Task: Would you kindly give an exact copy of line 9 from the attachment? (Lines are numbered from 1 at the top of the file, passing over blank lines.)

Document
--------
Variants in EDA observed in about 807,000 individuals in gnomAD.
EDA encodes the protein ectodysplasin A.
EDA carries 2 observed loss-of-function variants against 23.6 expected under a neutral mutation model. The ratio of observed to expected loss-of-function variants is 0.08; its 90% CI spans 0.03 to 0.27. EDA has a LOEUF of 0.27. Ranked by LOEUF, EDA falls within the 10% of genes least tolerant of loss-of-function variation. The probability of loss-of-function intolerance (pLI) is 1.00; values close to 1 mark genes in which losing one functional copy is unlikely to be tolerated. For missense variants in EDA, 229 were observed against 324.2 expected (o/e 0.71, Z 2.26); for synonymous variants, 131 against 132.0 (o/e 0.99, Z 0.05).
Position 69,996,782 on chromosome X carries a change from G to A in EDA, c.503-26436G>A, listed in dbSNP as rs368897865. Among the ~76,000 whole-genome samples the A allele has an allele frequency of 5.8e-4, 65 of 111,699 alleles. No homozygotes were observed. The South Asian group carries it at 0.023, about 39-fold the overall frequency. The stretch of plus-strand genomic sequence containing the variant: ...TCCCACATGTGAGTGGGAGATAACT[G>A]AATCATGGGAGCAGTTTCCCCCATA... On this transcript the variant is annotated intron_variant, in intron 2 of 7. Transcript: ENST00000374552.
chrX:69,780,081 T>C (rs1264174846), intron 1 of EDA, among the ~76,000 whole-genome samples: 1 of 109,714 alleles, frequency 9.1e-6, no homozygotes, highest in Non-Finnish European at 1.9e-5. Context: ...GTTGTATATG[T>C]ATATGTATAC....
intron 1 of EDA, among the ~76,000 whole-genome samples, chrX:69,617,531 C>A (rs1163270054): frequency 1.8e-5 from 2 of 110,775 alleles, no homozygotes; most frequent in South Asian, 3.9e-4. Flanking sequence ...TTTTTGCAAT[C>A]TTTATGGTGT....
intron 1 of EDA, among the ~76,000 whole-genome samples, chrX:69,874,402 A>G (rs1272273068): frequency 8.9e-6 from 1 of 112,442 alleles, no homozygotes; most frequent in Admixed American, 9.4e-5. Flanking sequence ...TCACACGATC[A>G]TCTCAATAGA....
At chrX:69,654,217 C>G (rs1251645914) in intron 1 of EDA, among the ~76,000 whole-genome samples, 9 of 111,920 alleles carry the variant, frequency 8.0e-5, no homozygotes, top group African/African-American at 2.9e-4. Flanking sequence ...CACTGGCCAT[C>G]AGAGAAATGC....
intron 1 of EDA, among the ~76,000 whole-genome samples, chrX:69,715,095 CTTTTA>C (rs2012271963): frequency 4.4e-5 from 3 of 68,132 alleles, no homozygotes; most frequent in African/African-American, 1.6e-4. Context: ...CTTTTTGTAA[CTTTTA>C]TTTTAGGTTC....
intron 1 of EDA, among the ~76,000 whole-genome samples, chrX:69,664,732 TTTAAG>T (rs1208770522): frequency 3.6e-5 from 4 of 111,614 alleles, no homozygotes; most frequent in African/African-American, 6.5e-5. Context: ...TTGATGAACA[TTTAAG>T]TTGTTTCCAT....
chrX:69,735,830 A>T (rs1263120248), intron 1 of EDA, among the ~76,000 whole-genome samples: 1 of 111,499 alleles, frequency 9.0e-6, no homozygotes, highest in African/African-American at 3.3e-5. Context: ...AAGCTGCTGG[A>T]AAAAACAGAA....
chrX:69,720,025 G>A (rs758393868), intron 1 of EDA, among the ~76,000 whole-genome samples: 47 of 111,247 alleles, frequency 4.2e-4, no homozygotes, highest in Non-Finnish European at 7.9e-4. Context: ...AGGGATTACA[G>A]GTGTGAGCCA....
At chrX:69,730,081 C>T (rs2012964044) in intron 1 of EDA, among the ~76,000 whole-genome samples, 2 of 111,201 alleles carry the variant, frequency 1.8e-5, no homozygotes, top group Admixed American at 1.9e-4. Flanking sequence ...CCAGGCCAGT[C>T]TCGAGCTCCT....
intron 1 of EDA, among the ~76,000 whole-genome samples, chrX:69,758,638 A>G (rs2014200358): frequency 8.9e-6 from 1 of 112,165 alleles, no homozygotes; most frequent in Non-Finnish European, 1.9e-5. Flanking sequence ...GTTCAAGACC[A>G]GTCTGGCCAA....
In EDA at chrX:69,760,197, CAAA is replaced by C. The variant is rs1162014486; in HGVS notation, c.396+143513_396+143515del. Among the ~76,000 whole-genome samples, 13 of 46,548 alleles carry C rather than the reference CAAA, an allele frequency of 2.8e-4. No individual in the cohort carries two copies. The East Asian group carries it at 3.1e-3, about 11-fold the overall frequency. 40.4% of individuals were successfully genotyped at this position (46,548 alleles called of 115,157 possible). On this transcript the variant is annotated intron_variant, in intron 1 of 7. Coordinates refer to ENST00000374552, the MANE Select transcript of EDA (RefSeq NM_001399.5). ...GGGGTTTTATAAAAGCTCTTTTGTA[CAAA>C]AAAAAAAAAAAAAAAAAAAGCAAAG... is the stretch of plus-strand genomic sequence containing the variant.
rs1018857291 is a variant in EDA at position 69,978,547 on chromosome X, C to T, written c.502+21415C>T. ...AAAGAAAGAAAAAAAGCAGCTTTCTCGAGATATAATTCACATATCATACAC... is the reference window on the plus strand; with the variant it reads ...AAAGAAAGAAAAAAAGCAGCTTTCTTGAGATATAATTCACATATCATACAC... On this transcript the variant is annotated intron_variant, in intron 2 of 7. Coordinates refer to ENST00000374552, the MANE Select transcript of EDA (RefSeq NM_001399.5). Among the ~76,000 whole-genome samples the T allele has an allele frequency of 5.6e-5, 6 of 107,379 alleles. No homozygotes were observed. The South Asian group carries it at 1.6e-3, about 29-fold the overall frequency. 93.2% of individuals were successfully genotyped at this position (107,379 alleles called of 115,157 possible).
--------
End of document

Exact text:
intron 1 of EDA, among the ~76,000 whole-genome samples, chrX:69,715,095 CTTTTA>C (rs2012271963): frequency 4.4e-5 from 3 of 68,132 alleles, no homozygotes; most frequent in African/African-American, 1.6e-4. Context: ...CTTTTTGTAA[CTTTTA>C]TTTTAGGTTC....